Spider-Man 3 (2007)

24 Mar

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Smith’s Verdict: **

Reviewed by Tanner Smith

Where do I even begin with “Spider-Man 3?” Maybe I can start by saying that there are too many plotlines and villains for one superhero movie. But the problem is that I didn’t care much for either of them. Whereas “Spider-Man 2” knew what to focus on and how to make me care for what was happening, “Spider-Man 3” is all over the map. So, all I had out of this movie were a few nicely-done special-effects action sequences…and not much else.

There are so many problems with this movie that I hardly know where to start. I guess I should start with Peter Parker and Mary Jane Watson, two of the most boring characters to come around in a superhero movie. While they were likable, charismatic characters in the previous films, they’re just dull saps here. And is it really time for Peter to propose after only a few kisses? Their romance is so uninteresting that the waiter (Bruce Campbell) is the best thing about a romantic scene. And he’s the comic relief.

Now let’s look at them individually. Peter (Tobey Maguire) is still Spider-Man, but while he was conquering his demons in the previous films, everything just seems so hunky-dory for him that it just gets to his head so much that I’m not convinced when he supposedly “has a moment.” This is the movie in which Tobey Maguire did what he didn’t in the previous films as Peter Parker and that was, bore me. Then, we have Mary Jane (Kirsten Dunst). What is her deal? She’s a somewhat talented actress who is constantly having an on-again/off-again relationship with Peter (oh, did I forget to mention THAT). Could she just pick and develop an emotion? After seeing her, I realized I would’ve loved to see more of Gwen Stacy (Bryce Dallas Howard), Peter’s pretty science lab partner who is put in jeopardy so Spider-Man can save her and make Mary Jane jealous!

Then, there’s the villain…and the other villain…and a third villain! That’s right—there are three villains in “Spider-Man 3.” Not one of them are developed or interesting enough. In action movies, it’s better to have an interesting villain to go with an interesting hero. But the hero isn’t interesting in this movie and neither are the villains. First, we have Flint Marko (Thomas Haden Church), an escaped convict who wants to make things better for himself and for his family. While running from the police, he winds up…some sort of testing area that isn’t explained. I guess the radiation and the sand in that pit mixed with him and transformed him into half-man, half-sand. This gives him the nickname The Sandman. Do we ever know how he feels? Does he have a personality? Is he excused from a contrived plot point, such as killing Peter’s uncle? The answer to all three questions is no. We never know how he feels, whether turning into a dust storm or becoming a gigantic sand mutant in the street. In “Spider-Man 2,” we always knew how the villain Doc Ock felt. We know very little about the Sandman in this movie.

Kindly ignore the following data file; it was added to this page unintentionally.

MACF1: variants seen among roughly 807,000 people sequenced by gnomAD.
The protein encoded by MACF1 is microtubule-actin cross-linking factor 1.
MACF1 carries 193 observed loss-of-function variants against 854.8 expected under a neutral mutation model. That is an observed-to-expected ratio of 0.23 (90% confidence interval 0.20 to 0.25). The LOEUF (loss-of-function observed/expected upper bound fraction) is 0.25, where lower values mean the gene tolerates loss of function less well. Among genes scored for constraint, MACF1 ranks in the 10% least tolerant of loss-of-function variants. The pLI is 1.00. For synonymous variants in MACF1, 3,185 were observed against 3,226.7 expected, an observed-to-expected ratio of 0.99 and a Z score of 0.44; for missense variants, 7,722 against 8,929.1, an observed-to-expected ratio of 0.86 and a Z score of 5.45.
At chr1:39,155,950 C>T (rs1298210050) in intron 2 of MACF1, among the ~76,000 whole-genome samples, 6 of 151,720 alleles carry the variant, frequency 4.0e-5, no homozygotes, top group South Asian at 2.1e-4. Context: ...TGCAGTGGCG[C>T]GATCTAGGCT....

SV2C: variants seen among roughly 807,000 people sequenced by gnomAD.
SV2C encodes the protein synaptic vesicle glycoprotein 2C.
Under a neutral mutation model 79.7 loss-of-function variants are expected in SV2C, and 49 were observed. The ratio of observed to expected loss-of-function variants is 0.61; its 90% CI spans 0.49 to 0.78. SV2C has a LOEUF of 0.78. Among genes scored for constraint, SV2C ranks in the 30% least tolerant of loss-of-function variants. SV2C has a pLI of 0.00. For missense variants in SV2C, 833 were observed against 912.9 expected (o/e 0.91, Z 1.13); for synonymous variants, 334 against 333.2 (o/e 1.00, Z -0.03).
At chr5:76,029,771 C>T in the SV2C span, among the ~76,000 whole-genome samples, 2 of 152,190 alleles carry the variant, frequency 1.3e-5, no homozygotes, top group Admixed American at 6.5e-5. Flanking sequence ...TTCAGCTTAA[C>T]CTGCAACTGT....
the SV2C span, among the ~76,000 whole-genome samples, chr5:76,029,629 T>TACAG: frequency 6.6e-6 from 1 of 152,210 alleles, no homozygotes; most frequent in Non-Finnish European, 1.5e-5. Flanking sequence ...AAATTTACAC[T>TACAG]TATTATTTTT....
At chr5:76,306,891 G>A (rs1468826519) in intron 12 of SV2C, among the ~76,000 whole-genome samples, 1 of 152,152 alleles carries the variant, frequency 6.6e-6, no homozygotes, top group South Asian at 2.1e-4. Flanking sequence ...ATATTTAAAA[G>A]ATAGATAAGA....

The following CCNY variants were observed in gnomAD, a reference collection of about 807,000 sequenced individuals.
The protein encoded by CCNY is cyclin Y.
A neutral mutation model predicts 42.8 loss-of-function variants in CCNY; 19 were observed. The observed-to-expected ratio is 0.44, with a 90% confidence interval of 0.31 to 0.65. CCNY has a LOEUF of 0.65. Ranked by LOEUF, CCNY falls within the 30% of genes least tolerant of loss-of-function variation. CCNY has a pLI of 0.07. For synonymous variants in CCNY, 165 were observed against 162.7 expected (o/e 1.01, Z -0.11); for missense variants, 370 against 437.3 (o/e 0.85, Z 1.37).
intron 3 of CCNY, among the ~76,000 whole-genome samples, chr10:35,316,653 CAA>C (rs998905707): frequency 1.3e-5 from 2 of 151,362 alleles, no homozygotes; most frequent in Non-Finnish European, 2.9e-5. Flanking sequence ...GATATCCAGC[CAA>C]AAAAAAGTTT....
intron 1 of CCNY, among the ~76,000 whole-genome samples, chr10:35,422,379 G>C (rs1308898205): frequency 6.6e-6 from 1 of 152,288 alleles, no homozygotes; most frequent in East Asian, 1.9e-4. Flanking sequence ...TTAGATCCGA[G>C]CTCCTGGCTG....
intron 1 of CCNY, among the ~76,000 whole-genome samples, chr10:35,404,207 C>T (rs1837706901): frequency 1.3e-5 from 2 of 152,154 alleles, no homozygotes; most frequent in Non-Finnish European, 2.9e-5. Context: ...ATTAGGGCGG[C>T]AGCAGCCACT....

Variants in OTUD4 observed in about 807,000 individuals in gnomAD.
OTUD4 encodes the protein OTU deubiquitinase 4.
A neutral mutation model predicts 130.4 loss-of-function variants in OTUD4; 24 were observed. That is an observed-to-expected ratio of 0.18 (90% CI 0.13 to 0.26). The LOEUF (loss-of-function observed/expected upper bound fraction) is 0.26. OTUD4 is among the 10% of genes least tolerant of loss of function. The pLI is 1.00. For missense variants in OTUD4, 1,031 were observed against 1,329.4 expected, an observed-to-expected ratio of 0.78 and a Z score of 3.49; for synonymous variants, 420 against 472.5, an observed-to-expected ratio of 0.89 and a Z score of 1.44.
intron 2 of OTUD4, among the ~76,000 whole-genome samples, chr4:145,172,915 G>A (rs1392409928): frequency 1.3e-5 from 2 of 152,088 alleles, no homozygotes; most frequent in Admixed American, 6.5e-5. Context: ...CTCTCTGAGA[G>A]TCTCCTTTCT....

Then, there’s Peter’s former best friend Harry Osborn (James Franco). If you recall from the previous film, Harry discovered that his buddy was Spider-Man and believes he killed his father, who was the Green Goblin in the first film. Now, there is a new suit and glider left for him (I suppose) so he can become the next Green Goblin, or whatever. There are a couple fights between him and Peter—only one of them is well-done on an action-packed level. But don’t people see these unmasked flying men fighting through New York? Nobody looks out their windows to see what the commotion is about? The second fight is…a fistfight. That’s right—a fistfight. This isn’t a “Spider-Man” movie—it’s an Abbott and Costello knockoff.

Then, there’s Venom, which should have been the most interesting part of the movie. It has enough back story to make its own movie. But it isn’t used well—and when it is, it’s not used well ENOUGH. You see, it begins when a slimy, black alien organism lands on Earth and follows Peter home—how did Peter not notice it with his spidey-sense? But I digress. Apparently, it’s some sort of parasite that attaches itself to a host and takes over a part of its mind. So it attaches itself to the Spidey suit, turning it black and changing Peter’s attitude. Peter suddenly believes he’s cool and struts down the city sidewalk, pointing and smiling as people pass by. Good grief—Peter isn’t even a convincing bad boy; he just seems like a dork. And then—I’m not kidding—he dances at a club. He dances all over the place—like I said, not a regular “Spider-Man” movie.

And then once Peter takes the alien slime off of himself and it lands on Eddie Brock (Topher Grace), who conveniently (or inconveniently) happens to be Peter’s arch nemesis as photographer for the Daily Bugle. Now, he turns into Venom and sets out to kill Peter. This whole subplot could’ve been its own movie and could’ve been right. But no. Instead of a serious look at this otherworldly substance taking over an individual, we get that weird dance I mentioned in the above paragraph.

Have I left anything out? I sure hope not because I’m tired of writing this review and listing all of these faults. Oh, I suppose I should list some positive things about “Spider-Man 3.” The special effects do look great—I love the sequence involving an out-of-control crane. And a few people may see the film as a silly action picture. I enjoy silly action pictures, but this is pushing it for me. To wrap up this review, I’ll sum up “Spider-Man 3” in one noun—mess!

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